Omentum by Heidi Schuman.jpg

The Omentum Project Mission:

To Improve the Quality of Life for Cancer Survivors

Living Without an Omentum through:

  • Awareness

  • Education

  • Informal Research

About The Omentum Project Blog

Why the omentum?

I am living without an omentum. I am an ovarian cancer survivor who experienced digestive issues post my cancer staging surgery.  After many months, an observant physical therapist, and a wonderful GI doctor figured out the issues can at least partially be attributed to the removal of my omentum (standard procedure with ovarian cancer since cancer cells have a propensity to "hide" there).

This has made me think that perhaps there are other cancer survivors also experiencing digestive issues stemming from the removal of their omentum. I have learned that there is very little known about the omentum, in general; the omentum is an under-studied organ.

The human body is amazing; redundancy is present to help ensure survival.  People live without an appendix, and without a spleen... and without an omentum.  The omentum is known to be part of the immune system and the lymphatic system, and may play a role in thermoregulation.  Perhaps the omentum is under-appreciated.


  • What percentage of cancer survivors living without an omentum experience digestive issues?

  • What role does the omentum play in digestion?

  • Do omentum-less cancer survivors experience deposition of excess solids in their abdominal cavity?

  • Is scar tissue a contributing factor? No doubt removing the omentum creates significant scar tissue; do manual therapy modalities alleviate symptoms?

    • Pelvic Floor Physical Therapy​

    • Lymphedema Techniques

    • Myofascial Release Physical Therapy

    • Visceral Manipulation Physical Therapy

  • Evaluation of potential strategies to relieve symptoms experienced by some omentum-less cancer survivors:

    • Yoga/Pilates

    • Aqua Therapy

    • Kinesio Tape

    • Mini-trampoline

    • Vigorous cardio (aka "intensity minutes")

BIOLOGY Questions - rat/mouse studies:

Two cohorts: one group with an omentum; a second group without an omentum

  • Do the two groups have the same ability to digest/process: fat? fiber? salt?

  • Document fluid retention differences between the two cohorts

  • Are there differences in respiration/metabolism between the two cohorts?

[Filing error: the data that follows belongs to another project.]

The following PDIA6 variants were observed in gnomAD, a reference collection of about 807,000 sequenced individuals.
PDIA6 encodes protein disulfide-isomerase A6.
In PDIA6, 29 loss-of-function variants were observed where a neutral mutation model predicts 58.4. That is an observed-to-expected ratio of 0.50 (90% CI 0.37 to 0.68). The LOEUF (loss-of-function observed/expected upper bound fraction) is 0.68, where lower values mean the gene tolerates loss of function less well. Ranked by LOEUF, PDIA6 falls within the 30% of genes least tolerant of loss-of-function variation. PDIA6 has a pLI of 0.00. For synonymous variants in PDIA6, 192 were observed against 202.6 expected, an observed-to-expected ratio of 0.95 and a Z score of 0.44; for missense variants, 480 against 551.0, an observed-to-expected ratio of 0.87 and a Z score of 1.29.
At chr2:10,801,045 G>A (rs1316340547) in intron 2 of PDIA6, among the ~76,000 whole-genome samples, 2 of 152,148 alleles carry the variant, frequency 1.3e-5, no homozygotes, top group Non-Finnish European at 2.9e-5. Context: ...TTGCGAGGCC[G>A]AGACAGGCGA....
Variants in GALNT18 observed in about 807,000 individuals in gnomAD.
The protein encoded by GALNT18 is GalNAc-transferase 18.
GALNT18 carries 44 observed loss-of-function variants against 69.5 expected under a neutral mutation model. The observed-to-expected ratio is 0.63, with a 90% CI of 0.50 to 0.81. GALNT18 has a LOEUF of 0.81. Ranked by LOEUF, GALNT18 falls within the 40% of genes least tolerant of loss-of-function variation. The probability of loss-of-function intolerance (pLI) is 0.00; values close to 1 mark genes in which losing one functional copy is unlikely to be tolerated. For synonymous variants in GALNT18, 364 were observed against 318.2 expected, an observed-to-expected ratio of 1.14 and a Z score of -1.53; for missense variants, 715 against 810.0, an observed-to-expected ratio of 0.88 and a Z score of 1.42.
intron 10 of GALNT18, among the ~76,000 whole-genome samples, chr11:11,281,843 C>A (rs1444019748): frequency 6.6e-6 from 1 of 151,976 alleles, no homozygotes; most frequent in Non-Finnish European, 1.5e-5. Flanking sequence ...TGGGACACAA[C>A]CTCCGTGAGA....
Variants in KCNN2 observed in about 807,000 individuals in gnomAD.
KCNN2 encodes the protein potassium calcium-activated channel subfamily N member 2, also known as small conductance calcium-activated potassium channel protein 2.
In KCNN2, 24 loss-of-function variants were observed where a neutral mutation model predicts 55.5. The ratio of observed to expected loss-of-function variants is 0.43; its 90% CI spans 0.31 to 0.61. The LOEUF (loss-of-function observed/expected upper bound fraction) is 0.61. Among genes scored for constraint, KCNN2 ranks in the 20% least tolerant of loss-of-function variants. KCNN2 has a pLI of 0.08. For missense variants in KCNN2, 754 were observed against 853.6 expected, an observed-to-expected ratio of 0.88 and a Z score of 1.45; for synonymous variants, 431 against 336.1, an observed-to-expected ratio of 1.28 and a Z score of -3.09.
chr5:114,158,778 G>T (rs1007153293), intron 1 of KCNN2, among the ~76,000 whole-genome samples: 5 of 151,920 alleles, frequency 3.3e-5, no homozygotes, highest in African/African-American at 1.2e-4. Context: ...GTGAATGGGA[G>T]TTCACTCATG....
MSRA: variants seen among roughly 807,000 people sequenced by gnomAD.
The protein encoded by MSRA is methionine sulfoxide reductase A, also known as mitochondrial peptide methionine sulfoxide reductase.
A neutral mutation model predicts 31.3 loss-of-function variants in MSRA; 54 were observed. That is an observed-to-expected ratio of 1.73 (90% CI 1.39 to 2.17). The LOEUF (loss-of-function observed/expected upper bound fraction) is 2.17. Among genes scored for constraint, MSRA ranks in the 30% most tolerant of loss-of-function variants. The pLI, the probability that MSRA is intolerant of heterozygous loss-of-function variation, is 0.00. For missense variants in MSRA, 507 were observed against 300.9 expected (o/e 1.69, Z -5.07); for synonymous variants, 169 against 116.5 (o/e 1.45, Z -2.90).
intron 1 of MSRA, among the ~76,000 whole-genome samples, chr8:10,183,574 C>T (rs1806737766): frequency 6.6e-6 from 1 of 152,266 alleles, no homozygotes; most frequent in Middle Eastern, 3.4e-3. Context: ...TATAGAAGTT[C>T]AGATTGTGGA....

• Does the omentum-less cohort:

    • develop abdominal lymphedema?

    • experience edema in the peritoneal cavity (ascites)

    • experience fat deposits in the abdominal cavity


... to the many individuals contributing their time and expertise to The Omentum Project!

Katie Amo, Videographer

Nancy Amo, Uterine Cancer Survivor & Advocate

Sarah Avery, DPT, MTY

Nancy B. Clemente, OTR/L, Founder Nancy B. Clemente Cancer Fund

Shea Foley, Ovarian Cancer Advocate

Carole Heaney, RN, MS NBC-HWC

Cassie Lembo-Sheridan, Ovarian Cancer Survivor & Advocate

Jillian Mertzloff, Certified Personal Trainer

Dr. Nick Montalto, Gynecological Surgeon

Sandra Sanderson, Certified Lymphedema Specialist

Dr. Anita Burock Stotts, Functional Medicine Practitioner

Meg Wilkinson, Ovarian Cancer Survivor & Advocate



We have a Go-Fund-Me page set-up:

"Together We Can Learn About Living Without an Omentum"



The twisted ribbon oval has many symbolism aspects:

  • the oval is an "O", for "Omentum";

  • twisted ribbons, are often used for cancer awareness;

  • the black and white and silver-gray: the status of information known about the omentum  

       (e.g. some information clear, "black and white"; much still to be learned... "silver-gray";

  • the "silver-gray", a reminder of the saying "every cloud has a silver lining"

©2020 by The Omentum Project.

Disclaimer: This web site is set-up to serve as a resource for general information purposes, only; no liability accepted for use of the information provided, or links utilized.  This website is not an attempt to practice medicine or to provide specific medical advice, and it should not be used to make a diagnosis or to replace or overrule a qualified health care provider's judgement. The content on this website is not intended to be a substitute for professional medical advice, diagnosis or treatment.

Always consult with a qualified and licensed physician or other medical care provider.

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